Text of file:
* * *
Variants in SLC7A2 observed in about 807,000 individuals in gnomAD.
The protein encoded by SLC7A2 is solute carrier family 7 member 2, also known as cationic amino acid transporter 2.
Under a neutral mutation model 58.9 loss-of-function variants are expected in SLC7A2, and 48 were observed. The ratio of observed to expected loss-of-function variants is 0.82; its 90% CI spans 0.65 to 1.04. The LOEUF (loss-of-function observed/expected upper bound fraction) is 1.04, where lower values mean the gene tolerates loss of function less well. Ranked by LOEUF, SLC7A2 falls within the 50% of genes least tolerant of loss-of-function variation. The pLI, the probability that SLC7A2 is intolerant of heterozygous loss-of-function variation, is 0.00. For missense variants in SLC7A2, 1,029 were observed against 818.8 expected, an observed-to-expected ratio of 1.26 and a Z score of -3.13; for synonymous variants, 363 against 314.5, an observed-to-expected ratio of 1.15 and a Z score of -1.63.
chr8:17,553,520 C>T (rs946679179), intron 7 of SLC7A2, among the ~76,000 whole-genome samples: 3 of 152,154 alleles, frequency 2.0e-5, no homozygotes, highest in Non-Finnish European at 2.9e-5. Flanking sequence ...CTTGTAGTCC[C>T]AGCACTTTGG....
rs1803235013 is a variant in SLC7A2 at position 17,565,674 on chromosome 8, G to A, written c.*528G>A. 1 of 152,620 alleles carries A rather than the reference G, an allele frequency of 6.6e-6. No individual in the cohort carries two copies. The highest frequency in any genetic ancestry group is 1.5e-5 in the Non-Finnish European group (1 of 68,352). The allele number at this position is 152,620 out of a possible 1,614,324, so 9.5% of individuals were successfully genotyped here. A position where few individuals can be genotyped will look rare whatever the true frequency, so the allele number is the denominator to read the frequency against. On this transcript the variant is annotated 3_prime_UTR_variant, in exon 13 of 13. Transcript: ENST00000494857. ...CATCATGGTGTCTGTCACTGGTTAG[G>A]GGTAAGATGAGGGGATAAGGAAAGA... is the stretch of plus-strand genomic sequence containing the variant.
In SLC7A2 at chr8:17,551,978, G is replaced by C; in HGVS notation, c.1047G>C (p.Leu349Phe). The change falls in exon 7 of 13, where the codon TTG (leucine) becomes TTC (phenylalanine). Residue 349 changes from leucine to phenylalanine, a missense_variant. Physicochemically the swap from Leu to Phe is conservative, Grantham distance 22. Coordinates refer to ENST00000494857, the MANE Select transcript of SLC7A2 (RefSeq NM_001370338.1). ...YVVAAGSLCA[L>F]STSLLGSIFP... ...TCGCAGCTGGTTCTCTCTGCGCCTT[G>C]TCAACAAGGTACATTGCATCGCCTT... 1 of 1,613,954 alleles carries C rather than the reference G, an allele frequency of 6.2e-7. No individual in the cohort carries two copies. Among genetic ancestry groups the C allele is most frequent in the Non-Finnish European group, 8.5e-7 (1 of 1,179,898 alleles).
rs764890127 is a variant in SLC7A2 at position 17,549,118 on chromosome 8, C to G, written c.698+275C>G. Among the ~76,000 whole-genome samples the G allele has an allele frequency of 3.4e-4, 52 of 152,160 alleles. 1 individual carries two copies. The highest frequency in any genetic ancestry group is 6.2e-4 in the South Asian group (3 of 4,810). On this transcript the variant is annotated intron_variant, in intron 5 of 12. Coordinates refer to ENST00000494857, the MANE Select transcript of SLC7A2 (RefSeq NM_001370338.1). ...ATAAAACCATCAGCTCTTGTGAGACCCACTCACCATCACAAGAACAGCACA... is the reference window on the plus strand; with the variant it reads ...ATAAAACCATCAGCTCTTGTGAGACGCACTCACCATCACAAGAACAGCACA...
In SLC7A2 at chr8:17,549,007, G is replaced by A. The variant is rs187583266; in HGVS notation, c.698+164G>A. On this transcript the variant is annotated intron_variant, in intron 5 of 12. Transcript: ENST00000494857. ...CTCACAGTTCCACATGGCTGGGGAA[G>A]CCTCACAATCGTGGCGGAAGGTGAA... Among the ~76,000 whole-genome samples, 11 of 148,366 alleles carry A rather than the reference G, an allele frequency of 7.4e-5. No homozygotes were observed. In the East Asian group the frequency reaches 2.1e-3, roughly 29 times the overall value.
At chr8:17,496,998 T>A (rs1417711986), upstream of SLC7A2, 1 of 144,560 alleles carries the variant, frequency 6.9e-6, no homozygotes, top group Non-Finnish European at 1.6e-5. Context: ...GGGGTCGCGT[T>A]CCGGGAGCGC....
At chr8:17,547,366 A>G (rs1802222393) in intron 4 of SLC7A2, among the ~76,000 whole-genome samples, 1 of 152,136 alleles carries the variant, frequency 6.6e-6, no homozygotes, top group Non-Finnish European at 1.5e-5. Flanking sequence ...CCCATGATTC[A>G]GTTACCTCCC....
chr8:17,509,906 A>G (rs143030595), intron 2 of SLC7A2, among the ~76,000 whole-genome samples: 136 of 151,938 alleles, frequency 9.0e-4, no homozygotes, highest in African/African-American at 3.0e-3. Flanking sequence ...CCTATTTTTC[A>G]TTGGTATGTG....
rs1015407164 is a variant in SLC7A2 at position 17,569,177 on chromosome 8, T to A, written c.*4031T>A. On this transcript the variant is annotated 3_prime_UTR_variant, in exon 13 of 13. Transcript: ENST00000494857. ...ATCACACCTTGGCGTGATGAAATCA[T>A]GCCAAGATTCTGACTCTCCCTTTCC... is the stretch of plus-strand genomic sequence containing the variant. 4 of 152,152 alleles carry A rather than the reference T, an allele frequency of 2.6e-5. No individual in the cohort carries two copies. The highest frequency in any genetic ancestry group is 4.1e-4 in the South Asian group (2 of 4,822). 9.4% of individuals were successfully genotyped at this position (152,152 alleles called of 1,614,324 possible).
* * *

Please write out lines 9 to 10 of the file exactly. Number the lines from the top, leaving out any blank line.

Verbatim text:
At chr8:17,496,998 T>A (rs1417711986), upstream of SLC7A2, 1 of 144,560 alleles carries the variant, frequency 6.9e-6, no homozygotes, top group Non-Finnish European at 1.6e-5. Context: ...GGGGTCGCGT[T>A]CCGGGAGCGC....
At chr8:17,547,366 A>G (rs1802222393) in intron 4 of SLC7A2, among the ~76,000 whole-genome samples, 1 of 152,136 alleles carries the variant, frequency 6.6e-6, no homozygotes, top group Non-Finnish European at 1.5e-5. Flanking sequence ...CCCATGATTC[A>G]GTTACCTCCC....